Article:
Tuesday, August 13, 2019 5:30 pm
Mastermind behind tuition assistance scheme gets 1 year in prison
MATTHEW LEBLANC | The Journal Gazette
The Fort Wayne man who masterminded a scheme that prosecutors said defrauded a defense contractor of more than $800,000 was ordered Tuesday to spend a year in federal prison.
Robin C. Opper, 36, also has to pay back $566,618.50 to BAE Systems, a subsidiary of a British defense contractor with offices near Fort Wayne International Airport.
Opper worked at BAE from 2013 to 2016 and took advantage of a tuition assistance program that provided upfront payments to workers who submitted requests. He stole $37,500 for himself and helped about 20 other employees net about $530,000.
Thirty other former BAE workers have admitted to their roles in the scheme, and Opper pleaded guilty in May 2018 to wire fraud. He was sentenced in U.S. District Court in Fort Wayne.
"This sentence sends a clear message that the FBI will aggressively pursue those who commit financial fraud and vigorously investigate this criminal activity," said Grant Mendenhall, special agent in charge of the agency's Indianapolis office. "The FBI and our law enforcement partners will continue to use all the resources at our disposal to ensure those who believe they can profit from others face the full consequences of their actions."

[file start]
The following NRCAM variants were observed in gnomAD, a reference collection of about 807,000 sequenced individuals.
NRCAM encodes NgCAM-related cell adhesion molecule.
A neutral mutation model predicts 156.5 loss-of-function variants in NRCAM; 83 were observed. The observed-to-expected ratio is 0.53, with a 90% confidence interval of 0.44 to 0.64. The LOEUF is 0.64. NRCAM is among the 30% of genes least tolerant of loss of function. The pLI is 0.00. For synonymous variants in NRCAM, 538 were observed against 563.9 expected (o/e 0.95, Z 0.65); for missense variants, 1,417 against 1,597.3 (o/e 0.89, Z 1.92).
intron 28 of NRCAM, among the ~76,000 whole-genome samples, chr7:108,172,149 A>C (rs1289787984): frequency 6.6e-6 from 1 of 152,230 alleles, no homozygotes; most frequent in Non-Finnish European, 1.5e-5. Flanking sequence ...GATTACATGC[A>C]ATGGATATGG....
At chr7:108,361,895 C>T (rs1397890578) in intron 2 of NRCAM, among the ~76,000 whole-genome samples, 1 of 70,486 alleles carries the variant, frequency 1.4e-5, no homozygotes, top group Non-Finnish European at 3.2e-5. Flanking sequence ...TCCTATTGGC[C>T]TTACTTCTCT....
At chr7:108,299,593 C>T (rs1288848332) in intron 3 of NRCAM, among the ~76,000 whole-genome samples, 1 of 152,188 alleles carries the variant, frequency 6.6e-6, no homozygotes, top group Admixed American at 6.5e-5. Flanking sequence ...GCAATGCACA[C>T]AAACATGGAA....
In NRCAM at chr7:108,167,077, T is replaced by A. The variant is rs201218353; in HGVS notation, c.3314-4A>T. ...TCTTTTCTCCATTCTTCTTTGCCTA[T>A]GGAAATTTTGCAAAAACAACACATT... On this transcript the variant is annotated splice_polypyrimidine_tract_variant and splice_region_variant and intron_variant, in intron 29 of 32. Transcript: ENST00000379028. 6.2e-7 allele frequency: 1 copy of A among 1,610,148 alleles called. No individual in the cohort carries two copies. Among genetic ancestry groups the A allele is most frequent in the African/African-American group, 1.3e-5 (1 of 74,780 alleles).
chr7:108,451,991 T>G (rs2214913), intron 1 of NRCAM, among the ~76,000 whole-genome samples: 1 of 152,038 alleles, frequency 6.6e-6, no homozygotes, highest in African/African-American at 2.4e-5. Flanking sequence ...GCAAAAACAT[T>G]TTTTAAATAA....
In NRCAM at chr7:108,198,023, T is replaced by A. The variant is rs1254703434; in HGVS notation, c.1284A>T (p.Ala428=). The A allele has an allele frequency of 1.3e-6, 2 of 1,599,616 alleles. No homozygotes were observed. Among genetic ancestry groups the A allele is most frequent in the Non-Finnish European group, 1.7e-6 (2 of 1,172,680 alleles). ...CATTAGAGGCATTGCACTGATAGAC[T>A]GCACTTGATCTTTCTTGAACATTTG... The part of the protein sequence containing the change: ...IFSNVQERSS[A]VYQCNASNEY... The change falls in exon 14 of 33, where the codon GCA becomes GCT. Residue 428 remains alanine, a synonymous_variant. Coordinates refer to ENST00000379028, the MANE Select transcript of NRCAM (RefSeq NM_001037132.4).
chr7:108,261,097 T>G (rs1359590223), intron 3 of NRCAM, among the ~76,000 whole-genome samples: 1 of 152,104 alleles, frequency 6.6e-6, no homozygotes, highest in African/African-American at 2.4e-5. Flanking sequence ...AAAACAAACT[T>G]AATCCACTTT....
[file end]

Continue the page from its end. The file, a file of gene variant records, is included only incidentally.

The former employees – most of whom have been sentenced to probation and ordered to pay back the money they stole – used proprietary software to make it look like they registered for and took college classes. But none did.
Amounts stolen by individual employees ranged from $6,750 to $55,056, according to criminal complaints.
A former Marine and member of the Army National Guard who served two combat tours in Iraq, Opper could have been sentenced to more than four years behind bars.
A sentencing memorandum filed last year by Assistant U.S. Attorney Stacey Speith called for a 41- to 51-month prison term. Defense attorney Albert Anzini countered in a separate memorandum, arguing incarceration would negatively impact his three children.
Anzini's memorandum sought "community confinement or home detention" and includes letters of support from the mothers of the children, Opper's mother, friends, co-workers and his former boss at BAE.
Judge Holly Brady handed down the sentence.
"We, along with our law enforcement partners, take financial fraud seriously and will take measures to obtain restitution for the victim of these offenses," U.S. Attorney Thomas L. Kirsch II said in a statement.